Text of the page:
In Washington Square, Underlining Trans Visibility

PHOTO ESSAY BY DONNA ACETO/ REPORTING BY PAUL SCHINDLER | On a humid Friday afternoon just two days before the LGBTQ Pride March, a crowd of several hundred spent an hour in Washington Square Park listening to speeches as part of Trans Day of Action, before devoting several more hours to marching around the Village.

The annual event, held June 23 and produced by the Trans Justice Now! initiative at the Audre Lorde Project, included bilingual English-Spanish discussions of topics ranging from the policing and incarceration of transgender and gender-nonconforming people to health care and housing disparities faced by the community.

For Stephanie Rodriguez, a 27-year-old from Queens who identifies as “queer,” the rally was her first-ever Pride event. Explaining that she comes from a strictly religious family, she said she came out “late in life,” but wants to be “with people like me” and “have fun.” Explaining she is still in the coming out process, she said she planned to be a part of the big parade two days later.

Ellen, a 30-year-old Manhattanite who declined to give her last name because she was absent from work without permission, said she provides housing and other services to low-income New Yorkers and has learned how few people in the helping professions “get transgender.”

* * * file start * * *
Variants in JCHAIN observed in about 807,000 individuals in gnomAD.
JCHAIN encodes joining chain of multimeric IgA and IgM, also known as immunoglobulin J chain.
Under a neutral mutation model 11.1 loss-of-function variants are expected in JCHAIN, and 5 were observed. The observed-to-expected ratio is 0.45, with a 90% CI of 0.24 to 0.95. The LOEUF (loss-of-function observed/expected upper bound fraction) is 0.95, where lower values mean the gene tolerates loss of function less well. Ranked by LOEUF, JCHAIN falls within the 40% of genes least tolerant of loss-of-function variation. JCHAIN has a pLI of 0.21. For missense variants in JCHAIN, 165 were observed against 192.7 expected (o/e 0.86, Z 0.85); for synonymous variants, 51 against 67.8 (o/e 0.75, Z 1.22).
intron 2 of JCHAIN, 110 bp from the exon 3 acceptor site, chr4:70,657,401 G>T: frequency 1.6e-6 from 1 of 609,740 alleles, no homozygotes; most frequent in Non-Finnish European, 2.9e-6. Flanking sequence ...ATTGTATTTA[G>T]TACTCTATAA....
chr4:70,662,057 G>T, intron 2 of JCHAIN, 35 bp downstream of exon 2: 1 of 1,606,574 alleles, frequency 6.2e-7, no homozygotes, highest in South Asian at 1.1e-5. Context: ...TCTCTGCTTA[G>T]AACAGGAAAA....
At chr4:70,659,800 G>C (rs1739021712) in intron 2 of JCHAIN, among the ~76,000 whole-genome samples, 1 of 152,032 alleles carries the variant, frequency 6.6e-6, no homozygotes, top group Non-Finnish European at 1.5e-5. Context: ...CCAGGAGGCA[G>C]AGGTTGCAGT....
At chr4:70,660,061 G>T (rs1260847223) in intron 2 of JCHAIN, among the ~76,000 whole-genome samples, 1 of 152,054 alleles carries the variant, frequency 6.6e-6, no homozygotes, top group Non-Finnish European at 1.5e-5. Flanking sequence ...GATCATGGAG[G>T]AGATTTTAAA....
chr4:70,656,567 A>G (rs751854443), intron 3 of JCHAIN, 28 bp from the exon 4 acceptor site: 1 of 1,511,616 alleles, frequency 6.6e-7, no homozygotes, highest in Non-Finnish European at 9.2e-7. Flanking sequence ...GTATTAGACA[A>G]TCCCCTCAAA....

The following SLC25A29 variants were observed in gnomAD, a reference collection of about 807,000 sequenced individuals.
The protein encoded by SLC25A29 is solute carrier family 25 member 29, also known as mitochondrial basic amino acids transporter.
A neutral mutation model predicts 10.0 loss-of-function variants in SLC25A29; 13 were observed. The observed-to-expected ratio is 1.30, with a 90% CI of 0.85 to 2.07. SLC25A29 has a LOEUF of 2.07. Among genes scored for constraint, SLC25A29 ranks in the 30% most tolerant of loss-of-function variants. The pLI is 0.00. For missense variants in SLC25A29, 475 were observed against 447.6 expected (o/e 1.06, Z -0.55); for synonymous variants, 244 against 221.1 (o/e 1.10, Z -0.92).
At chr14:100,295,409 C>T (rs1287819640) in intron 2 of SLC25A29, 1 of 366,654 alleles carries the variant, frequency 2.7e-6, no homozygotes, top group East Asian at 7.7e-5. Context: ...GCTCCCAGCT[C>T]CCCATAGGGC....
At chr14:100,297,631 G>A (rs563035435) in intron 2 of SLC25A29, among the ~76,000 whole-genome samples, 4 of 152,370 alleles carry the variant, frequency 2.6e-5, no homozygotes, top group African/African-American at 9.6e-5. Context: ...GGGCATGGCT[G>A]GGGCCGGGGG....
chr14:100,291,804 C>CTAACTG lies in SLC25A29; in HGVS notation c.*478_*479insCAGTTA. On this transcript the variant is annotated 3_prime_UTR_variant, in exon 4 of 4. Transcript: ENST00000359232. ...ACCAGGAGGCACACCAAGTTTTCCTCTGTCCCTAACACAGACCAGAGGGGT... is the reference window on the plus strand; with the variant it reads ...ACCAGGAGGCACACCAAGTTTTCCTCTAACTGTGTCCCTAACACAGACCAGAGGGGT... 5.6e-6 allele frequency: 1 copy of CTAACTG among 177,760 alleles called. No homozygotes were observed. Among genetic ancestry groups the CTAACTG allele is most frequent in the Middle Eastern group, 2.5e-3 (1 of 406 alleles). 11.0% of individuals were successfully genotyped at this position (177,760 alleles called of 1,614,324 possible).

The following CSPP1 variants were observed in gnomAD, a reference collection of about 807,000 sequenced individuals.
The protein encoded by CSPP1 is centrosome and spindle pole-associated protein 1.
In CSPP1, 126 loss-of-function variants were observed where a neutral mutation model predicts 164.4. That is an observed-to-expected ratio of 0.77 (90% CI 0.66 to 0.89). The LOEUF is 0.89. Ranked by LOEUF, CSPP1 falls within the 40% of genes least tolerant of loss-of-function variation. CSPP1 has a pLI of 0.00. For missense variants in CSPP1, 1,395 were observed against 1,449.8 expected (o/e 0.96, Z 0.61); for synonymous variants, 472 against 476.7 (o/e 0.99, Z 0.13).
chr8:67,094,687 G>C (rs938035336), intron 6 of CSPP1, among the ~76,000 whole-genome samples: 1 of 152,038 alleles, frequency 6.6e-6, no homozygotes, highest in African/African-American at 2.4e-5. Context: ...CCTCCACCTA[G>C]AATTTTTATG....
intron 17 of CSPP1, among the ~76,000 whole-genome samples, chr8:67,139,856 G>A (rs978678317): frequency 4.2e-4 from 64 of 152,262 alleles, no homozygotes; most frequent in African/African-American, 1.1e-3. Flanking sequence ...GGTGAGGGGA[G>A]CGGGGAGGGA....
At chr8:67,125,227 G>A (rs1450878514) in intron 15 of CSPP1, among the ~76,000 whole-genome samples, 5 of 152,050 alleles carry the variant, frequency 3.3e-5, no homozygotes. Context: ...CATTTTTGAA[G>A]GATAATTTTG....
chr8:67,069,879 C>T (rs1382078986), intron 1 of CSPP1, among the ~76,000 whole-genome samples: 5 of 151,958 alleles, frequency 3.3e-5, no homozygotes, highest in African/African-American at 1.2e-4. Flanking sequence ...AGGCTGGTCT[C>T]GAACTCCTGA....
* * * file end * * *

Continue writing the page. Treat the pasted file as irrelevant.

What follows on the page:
“Raising awareness is really important,” said Ellen, who also planned to attend both the Dyke March on June 24 and the Pride Parade the next day.

Charles Whitewolf, who is black and prefers “they” and “them” as pronouns, said even within the transgender community there is pressure on gender-nonconforming people. “We’re still asked what we’re going to choose,” Whitewolf explained. “Every day, everywhere.”

For 23-year-old Holden Compton-Lujin of Queens, Trans Day of Action represented a chance “to show we are present.”

“As a trans individual, I’ve experienced discrimination in my life and against my community,” he said. “I think trans people are invisible, often times in the queer community.”

Compton-Lujin, who said his concerns are as basic as wanting to feel safe walking home in his Bushwick neighborhood, planned to also be “present” at the parade closing out Pride month on June 25.